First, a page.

Hamish Trench, Chief Executive, Scottish Land Commission
The Scottish Land Commission’s recent conference on ‘Scotland’s Land and Economy’ underscored why the way we own and use land is central to big public policy challenges including climate action, productivity, and a fair economy. Land is a national and a local asset. It is central to Scotland’s economies, communities, and identity. It would be odd if we didn’t think of land as being core to our ambitions for inclusive growth.
The Scottish Land Commission’s role is to stimulate fresh thinking in the ways we own and use land, and the conference brought together a wide range of people across sectors looking at opportunities to make more of our land – both urban and rural.
Land reform is about unlocking opportunities – for growth, regeneration, community development, and for more people to benefit from land. It is about tackling derelict sites, unlocking land for housing and development, releasing opportunities for rural communities, ensuring people can influence what happens to the land, buildings, and places around them.
Over the last year the Land Commission has worked with SEPA, Scottish Enterprise, and the Scottish Futures Trust to establish a major focus on bringing vacant and derelict sites back into productive use. A cross-sector taskforce is examining what systemic changes are needed to tackle the legacy of ‘stuck’ sites and how to help turn these into opportunities delivering community, economic, and environmental benefit.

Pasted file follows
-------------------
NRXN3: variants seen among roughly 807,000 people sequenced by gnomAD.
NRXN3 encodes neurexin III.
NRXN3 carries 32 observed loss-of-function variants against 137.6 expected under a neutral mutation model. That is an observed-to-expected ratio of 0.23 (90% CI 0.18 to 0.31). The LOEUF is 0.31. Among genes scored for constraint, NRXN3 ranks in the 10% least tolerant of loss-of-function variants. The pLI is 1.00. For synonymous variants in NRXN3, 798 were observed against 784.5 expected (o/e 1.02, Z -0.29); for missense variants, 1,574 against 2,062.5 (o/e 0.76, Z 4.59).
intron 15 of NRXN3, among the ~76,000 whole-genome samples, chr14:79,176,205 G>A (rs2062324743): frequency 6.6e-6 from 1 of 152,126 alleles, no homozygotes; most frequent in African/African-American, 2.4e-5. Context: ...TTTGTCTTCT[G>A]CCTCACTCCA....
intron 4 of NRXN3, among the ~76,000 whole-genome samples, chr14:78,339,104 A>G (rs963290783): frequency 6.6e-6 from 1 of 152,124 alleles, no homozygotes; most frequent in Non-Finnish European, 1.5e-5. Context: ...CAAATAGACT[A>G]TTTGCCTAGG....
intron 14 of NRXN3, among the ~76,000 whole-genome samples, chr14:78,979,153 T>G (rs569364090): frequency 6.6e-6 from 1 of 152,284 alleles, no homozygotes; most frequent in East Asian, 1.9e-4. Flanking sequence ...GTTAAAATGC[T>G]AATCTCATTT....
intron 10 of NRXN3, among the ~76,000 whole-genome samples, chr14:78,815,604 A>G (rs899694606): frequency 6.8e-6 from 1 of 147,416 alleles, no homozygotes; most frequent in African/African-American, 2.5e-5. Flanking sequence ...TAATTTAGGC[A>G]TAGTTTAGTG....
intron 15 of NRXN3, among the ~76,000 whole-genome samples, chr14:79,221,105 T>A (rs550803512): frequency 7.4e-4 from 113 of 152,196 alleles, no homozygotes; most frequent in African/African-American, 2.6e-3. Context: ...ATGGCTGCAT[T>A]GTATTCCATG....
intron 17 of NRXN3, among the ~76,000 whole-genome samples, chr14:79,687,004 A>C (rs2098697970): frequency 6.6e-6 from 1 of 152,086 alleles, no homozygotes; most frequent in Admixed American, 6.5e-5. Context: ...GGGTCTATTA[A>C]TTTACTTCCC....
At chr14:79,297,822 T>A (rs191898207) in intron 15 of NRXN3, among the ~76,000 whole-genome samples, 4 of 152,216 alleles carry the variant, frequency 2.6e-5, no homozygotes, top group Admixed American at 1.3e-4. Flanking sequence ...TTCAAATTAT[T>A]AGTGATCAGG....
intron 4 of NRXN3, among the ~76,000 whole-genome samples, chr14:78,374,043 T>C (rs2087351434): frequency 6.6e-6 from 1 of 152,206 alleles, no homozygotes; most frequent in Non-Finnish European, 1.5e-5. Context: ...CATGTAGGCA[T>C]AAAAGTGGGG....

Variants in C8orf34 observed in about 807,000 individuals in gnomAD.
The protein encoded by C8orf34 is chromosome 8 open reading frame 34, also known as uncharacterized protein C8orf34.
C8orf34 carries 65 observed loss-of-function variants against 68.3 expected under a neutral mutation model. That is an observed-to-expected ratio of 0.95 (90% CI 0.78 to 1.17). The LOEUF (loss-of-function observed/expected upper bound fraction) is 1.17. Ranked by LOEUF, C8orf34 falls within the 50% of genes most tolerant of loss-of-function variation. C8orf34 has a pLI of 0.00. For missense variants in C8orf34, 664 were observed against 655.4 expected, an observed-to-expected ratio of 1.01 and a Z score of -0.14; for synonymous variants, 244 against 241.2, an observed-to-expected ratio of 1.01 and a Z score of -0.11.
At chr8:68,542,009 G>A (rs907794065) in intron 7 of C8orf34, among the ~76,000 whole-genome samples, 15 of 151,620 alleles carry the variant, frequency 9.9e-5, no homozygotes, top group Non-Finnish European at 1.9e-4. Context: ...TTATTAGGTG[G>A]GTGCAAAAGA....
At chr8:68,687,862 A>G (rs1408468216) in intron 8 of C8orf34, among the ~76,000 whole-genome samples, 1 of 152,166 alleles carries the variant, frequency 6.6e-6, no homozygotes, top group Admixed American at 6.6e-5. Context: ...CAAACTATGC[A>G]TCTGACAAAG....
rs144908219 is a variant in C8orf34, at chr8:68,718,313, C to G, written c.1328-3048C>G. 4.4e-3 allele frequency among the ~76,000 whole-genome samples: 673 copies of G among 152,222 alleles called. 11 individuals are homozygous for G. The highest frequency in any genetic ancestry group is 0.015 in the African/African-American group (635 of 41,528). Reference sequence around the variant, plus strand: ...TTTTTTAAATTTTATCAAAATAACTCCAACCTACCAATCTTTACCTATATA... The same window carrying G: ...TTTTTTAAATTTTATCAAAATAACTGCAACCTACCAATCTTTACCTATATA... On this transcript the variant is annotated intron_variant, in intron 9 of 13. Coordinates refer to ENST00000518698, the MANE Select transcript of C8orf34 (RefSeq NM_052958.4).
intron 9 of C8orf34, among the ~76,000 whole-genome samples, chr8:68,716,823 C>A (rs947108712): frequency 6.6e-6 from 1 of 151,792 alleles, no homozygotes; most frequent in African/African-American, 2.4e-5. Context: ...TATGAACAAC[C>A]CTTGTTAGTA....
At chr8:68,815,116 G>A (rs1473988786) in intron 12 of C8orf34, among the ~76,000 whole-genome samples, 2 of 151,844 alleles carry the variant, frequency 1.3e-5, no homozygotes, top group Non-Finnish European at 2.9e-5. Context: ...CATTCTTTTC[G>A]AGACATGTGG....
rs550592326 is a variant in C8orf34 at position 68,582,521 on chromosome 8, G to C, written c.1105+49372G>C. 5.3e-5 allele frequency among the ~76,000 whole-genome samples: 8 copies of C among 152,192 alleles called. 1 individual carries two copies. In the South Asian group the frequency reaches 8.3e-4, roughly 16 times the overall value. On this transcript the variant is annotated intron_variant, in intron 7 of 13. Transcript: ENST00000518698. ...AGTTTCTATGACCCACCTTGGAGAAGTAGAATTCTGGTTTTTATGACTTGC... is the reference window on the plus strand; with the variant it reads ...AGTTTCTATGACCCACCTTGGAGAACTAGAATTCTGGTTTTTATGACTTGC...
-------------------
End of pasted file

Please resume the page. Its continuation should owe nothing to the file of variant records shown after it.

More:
We also have a major focus on modernising land ownership. This includes work to normalise community ownership as a driver of regeneration, looking at the potential of new governance models to derive more benefit from Common Good Land, and work to address the issues associated with Scotland’s concentrated pattern of land ownership.
And we are reviewing options to improve housing land supply. Land value and availability is fundamental, and so are ideas on more proactive land assembly and public interest-led development.
Research, analysis, and ideas on all these issues, including reports examining international experience can be found on the Scottish Land Commission website.
Now more than ever it is clear that our big public policy challenges demand a fresh look at how we own and use land to unlock inclusive growth and public value. We want to continue to engage widely to ensure our work connects to the practical challenges and opportunities in Scotland’s economies and communities.